How often do you feel drained and find yourself wishing for more hours in the day?
You know you need a break and promise that you will take some time for yourself as soon as you finish… just one more thing. The problem is, there is always just one more thing. It might seem impossible to find extra time to squeeze in self-care activities like hitting the gym, eating healthy, or getting enough sleep. Even though you may not have much time, the busier you are, the more important self-care becomes.
There is a great deal of research about making self-care a priority in your daily routine. Learning how to eat right, reduce stress, exercise regularly, and take a time-out when you need it are touchstones of self-care and help you stay healthy, happy, and mentally strong. Making room in your day for time that’s meant only for you is a vital step in taking care of yourself. Giving yourself a daily dose of care helps you approach your work and relationships with a clear mind. Taking time for yourself is a form of productivity.
There may be some inner work and behavior changes you need to do to come to terms with this, and that’s okay. In fact, taking time for yourself can help you do this inner work. So, the more you do it, the easier it’ll become. You can practice self-reflection and self-awareness during your moments spent alone to understand yourself more. You can just be yourself and observe what that feels like. This way, taking some time helps you know what type of self-care you need. You can experiment with different things you want to try and see what works best.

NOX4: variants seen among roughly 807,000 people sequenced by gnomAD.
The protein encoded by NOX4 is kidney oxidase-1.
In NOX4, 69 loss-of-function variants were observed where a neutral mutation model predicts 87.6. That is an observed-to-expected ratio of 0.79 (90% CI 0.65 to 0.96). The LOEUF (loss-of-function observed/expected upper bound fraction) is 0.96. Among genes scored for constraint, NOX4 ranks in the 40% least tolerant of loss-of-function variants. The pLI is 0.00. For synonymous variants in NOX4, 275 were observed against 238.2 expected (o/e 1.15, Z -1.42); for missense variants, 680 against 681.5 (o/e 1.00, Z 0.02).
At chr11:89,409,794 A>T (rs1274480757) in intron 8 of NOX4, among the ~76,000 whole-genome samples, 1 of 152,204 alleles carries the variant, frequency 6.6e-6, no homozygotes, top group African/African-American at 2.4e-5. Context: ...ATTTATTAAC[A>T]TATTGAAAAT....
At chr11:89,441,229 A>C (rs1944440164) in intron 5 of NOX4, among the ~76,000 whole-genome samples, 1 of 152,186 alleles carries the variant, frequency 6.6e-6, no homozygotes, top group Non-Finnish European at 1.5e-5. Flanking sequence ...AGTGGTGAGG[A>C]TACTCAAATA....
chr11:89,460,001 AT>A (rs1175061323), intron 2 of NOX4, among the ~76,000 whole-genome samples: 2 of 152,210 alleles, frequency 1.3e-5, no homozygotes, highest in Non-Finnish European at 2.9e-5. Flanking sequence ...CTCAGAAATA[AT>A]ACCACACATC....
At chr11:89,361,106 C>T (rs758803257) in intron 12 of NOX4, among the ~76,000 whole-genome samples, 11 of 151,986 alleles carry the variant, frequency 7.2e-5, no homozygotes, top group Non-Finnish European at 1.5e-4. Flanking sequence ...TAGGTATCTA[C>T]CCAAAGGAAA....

Let’s look at 10 ways to practice self-care that might be right for you:
1. Question any guilt you have about taking time for yourself.
Do you feel guilty about taking time for yourself? If so, explore that guilt. Don’t push it back. Questioning yourself about your responsibilities is a crucial part of performing inner work. Ask yourself why you feel guilty for taking a little time for yourself. See what comes up, and address all of those reasons.
2. Schedule your self-care time.
While it can be hard to find extra time, it’s vitally important to plan regular self-care time as you plan. Schedule a time in your day, either in the morning before work, at night, on your lunch break, or right when you get home from work for self-care time. Take five minutes to decompress every day and just breathe. Just closing your eyes and focusing on your breathing for 5 minutes is an excellent form of self-care and relaxation.